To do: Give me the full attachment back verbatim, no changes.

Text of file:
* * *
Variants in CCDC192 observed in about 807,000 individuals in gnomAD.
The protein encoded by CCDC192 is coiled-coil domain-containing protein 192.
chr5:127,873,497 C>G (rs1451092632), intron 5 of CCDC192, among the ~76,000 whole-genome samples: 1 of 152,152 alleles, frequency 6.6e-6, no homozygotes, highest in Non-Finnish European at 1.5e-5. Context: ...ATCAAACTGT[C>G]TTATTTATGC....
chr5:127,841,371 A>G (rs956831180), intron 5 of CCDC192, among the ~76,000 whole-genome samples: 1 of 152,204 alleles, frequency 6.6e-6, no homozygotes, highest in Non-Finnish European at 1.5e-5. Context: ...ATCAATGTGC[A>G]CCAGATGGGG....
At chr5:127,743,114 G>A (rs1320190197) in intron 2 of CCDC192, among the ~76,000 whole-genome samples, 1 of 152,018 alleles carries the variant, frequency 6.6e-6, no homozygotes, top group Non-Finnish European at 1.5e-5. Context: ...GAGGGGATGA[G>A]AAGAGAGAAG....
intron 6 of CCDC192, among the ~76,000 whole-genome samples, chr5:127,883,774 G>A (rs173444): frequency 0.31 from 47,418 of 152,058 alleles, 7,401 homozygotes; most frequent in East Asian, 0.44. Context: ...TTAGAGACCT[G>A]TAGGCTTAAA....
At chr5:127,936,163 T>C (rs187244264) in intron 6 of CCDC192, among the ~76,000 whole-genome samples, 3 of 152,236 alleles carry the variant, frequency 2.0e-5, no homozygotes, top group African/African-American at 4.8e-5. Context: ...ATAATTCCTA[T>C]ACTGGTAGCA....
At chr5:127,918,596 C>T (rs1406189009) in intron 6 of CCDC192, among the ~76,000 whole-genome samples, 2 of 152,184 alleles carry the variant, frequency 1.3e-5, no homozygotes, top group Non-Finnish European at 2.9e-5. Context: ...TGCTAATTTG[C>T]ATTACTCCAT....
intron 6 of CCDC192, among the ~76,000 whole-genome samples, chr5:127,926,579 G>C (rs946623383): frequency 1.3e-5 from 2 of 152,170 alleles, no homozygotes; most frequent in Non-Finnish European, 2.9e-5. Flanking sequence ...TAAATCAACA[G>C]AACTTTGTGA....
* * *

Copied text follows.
Variants in CCDC192 observed in about 807,000 individuals in gnomAD.
The protein encoded by CCDC192 is coiled-coil domain-containing protein 192.
chr5:127,873,497 C>G (rs1451092632), intron 5 of CCDC192, among the ~76,000 whole-genome samples: 1 of 152,152 alleles, frequency 6.6e-6, no homozygotes, highest in Non-Finnish European at 1.5e-5. Context: ...ATCAAACTGT[C>G]TTATTTATGC....
chr5:127,841,371 A>G (rs956831180), intron 5 of CCDC192, among the ~76,000 whole-genome samples: 1 of 152,204 alleles, frequency 6.6e-6, no homozygotes, highest in Non-Finnish European at 1.5e-5. Context: ...ATCAATGTGC[A>G]CCAGATGGGG....
At chr5:127,743,114 G>A (rs1320190197) in intron 2 of CCDC192, among the ~76,000 whole-genome samples, 1 of 152,018 alleles carries the variant, frequency 6.6e-6, no homozygotes, top group Non-Finnish European at 1.5e-5. Context: ...GAGGGGATGA[G>A]AAGAGAGAAG....
intron 6 of CCDC192, among the ~76,000 whole-genome samples, chr5:127,883,774 G>A (rs173444): frequency 0.31 from 47,418 of 152,058 alleles, 7,401 homozygotes; most frequent in East Asian, 0.44. Context: ...TTAGAGACCT[G>A]TAGGCTTAAA....
At chr5:127,936,163 T>C (rs187244264) in intron 6 of CCDC192, among the ~76,000 whole-genome samples, 3 of 152,236 alleles carry the variant, frequency 2.0e-5, no homozygotes, top group African/African-American at 4.8e-5. Context: ...ATAATTCCTA[T>C]ACTGGTAGCA....
At chr5:127,918,596 C>T (rs1406189009) in intron 6 of CCDC192, among the ~76,000 whole-genome samples, 2 of 152,184 alleles carry the variant, frequency 1.3e-5, no homozygotes, top group Non-Finnish European at 2.9e-5. Context: ...TGCTAATTTG[C>T]ATTACTCCAT....
intron 6 of CCDC192, among the ~76,000 whole-genome samples, chr5:127,926,579 G>C (rs946623383): frequency 1.3e-5 from 2 of 152,170 alleles, no homozygotes; most frequent in Non-Finnish European, 2.9e-5. Flanking sequence ...TAAATCAACA[G>C]AACTTTGTGA....